July 9, 2007

Holocaust helped shape Lantos’ path


Tom and Annette Lantos met as children in Hungary. They have been married 57 years.

Neither Tom nor Annette Lantos can exactly remember when they first met.

But both will tell you it was their destiny to share their life work together fighting for human rights around the world. As Holocaust survivors, they have a unique perspective on what it is like to not only fight for others but also fight for their lives.

They met as children in Hungary and Tom, 79, boasts about an early photo in which he is 11 and she is 7. Even as Annette went into hiding at the Portuguese Embassy to escape the Nazis and Tom was in a local labor camp, they sent letters to each other through intermediaries. Annette is the first cousin of Zsa Zsa and Eva Gabor and this relation placed her father on the top 10 list of wanted people. She eventually was taken to Switzerland in November 1944 and returned to a severely hobbled country in November 1945. In the meantime, Tom spent time in the labor camps while others in his family perished on the Soviet front. He escaped the camp and was caught and beaten.

”They beat me to a pulp. I’m pleasantly surprised I survived,” he said.

He escaped again and this time made it the approximate 22 miles to a safe place run by Raoul Wallenberg, a man he said he owes much gratitude and to whose work he tries to aspire. He said his blond hair and blue eyes were the reason he escaped detection. Though 6 million Jews died in the Holocaust and Hungary itself lost 600,000, Tom and Annette Lantos said they feel fortunate to not be among them. It took a few months for them to find each other again.

It was this experience that molded U.S. Rep. Tom Lantos, D-San Mateo, into the legislator he is today. Though much of his time is taken up with the business of the country and his new position as chair of the House Foreign Affairs Committee makes for a heavy workload, it is extinguishing human rights abuses that is at the crux of his passion.

”What I do is 1 percent human rights and 99 percent everything else whether it is NATO or China to you-name-it,” he said.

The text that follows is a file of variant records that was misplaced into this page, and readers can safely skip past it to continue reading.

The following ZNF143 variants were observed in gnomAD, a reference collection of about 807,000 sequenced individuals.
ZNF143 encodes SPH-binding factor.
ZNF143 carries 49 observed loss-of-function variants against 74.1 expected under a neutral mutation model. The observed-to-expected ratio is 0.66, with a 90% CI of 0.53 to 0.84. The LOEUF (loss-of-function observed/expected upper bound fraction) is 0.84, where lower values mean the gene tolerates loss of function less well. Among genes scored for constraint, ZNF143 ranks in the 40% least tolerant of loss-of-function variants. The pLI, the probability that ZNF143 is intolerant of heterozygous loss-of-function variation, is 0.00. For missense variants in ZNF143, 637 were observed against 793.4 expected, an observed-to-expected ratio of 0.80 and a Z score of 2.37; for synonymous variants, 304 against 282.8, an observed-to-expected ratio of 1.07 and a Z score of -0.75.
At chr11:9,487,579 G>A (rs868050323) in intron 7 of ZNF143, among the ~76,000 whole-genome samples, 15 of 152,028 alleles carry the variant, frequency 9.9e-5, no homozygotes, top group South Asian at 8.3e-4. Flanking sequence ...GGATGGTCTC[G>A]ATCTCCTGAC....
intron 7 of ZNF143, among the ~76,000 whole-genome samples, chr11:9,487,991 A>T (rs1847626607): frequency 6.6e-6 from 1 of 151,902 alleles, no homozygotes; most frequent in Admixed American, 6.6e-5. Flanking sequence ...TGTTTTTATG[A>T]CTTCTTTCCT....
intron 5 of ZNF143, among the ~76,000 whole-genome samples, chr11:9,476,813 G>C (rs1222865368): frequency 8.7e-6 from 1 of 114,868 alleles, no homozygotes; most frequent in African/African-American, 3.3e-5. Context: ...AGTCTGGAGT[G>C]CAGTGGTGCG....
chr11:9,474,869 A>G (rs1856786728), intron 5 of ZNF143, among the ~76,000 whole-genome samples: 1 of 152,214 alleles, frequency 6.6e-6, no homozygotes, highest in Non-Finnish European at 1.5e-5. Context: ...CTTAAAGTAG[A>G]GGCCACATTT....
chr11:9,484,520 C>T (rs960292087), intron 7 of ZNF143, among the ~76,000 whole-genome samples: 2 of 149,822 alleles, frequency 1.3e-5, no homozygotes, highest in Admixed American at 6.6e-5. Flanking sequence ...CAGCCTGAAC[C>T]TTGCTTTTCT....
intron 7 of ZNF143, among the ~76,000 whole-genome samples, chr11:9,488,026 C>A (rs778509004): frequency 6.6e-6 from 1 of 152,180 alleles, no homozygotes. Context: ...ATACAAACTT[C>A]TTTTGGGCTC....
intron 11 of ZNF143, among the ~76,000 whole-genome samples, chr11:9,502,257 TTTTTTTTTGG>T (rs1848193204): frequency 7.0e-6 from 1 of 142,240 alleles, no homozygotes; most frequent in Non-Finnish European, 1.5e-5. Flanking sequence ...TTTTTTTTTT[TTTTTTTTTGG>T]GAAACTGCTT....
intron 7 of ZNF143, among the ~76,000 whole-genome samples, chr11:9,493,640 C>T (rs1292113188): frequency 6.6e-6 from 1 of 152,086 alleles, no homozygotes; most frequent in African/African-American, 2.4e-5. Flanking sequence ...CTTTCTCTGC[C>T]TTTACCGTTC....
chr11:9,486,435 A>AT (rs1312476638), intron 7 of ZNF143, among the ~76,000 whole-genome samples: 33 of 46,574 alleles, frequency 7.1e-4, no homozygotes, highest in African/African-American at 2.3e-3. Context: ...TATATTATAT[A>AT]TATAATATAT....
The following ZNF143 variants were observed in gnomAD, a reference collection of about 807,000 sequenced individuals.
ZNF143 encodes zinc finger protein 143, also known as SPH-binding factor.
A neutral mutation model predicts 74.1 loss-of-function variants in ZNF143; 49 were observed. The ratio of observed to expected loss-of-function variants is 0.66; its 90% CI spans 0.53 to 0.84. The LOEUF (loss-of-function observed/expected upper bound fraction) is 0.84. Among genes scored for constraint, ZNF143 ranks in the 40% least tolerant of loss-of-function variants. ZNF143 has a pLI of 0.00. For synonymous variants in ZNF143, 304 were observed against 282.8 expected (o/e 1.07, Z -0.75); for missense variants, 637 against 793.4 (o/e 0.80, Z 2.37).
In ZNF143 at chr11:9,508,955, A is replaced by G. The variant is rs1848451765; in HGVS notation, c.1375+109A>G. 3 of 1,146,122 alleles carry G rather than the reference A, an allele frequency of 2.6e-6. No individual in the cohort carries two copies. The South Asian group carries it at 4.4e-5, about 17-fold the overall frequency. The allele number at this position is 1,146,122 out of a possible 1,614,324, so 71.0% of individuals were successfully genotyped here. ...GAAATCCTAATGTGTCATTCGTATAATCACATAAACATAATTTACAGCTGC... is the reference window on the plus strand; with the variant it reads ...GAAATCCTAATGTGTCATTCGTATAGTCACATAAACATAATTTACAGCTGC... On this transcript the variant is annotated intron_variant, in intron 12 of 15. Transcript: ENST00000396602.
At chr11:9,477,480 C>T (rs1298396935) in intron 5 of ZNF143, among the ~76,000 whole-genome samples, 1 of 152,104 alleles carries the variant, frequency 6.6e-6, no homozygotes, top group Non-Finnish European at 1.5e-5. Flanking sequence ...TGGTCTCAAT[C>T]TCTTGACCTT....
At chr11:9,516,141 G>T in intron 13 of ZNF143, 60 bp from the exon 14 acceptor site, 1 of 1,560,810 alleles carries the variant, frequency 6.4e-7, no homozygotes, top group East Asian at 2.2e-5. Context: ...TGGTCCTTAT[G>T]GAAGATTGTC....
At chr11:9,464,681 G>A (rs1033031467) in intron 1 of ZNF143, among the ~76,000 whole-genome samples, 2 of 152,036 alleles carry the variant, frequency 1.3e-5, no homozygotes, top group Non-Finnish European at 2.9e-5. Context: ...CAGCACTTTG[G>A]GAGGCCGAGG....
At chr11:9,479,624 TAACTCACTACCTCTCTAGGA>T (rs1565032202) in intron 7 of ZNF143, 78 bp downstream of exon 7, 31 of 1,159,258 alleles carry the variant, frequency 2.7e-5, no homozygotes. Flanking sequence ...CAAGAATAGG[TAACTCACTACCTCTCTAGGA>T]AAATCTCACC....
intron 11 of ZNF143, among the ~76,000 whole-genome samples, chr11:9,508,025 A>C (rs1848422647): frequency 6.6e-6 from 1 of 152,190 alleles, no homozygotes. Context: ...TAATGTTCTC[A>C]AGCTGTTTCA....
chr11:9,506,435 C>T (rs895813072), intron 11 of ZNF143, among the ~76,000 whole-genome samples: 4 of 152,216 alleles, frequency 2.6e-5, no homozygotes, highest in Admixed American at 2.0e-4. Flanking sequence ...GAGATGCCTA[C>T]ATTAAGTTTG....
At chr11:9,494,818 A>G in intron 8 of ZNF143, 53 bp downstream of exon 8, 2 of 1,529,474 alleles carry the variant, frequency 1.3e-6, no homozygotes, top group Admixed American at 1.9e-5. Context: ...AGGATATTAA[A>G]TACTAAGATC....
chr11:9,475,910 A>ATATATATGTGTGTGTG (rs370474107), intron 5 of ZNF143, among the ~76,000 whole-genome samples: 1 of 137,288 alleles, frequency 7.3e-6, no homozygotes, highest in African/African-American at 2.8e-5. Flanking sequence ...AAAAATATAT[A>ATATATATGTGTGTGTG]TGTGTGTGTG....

This is where his wife of 57 years comes in.

”We had a whole new life and we wanted to work together. It was a chance to spin off of our experience of the Holocaust,” Annette said.

Tom founded the Congressional Human Rights Caucus in 1983 and said they act as a ”Congressional couple.”

”Nobody does what Annette does. When we go to North Korea, when we go to Syria or when we go to Saudi Arabia, she is with me,” he said. ”We are like a bicycle built for two.”

The Human Rights Caucus does not get a lot of attention but is active in shining the light on abuses in countries such as Iraq, Vietnam, Sudan and China. Annette also has a keen interest in helping interns active with the Lantos Humanities in Action Fellowship Program that helps European graduate students. In 1987, she was instrumental in getting the Dalai Lama to visit the United States and testify in front of the caucus. The State Department did not want the Dalai Lama to visit because it may jeopardize U.S. relations with China. Eventually, he was allowed and his visits are now commonplace.

As much as Tom tries to give her credit, she is as prone to do the same.

”Luckily, my husband did not allow himself to be intimidated,” she said.

After 26 years in Congress, Tom has learned not to be intimidated and said he sometimes uses his Holocaust experience as leverage.

”On some issues it is leverage, on other issues it is the ability to embarrass. Embarrassment is an incredibly powerful tool,” he said.

For instance, persecuted followers of the Falun Gong movement were recently arrested and sent back to Taiwan from Hong Kong though they had permission. China has been told not to interfere with human rights in Hong Kong and Tom said he will do everything in his power to embarrass them.

Whether it is protecting the right of Falun Gong or those in East Timor, Burma, Darfur or even in this country, Tom said he is always trying to live up to Wallenberg who did so much to save others in a very dangerous time. With Annette by his side, he said there is more he wants to do, but the Holocaust and the work of Wallenberg is something he will not forget.

”He was a man emerging from the shadows of the Holocaust, from the depths of persecution and despair to a place where he can help so many others,” Annette said.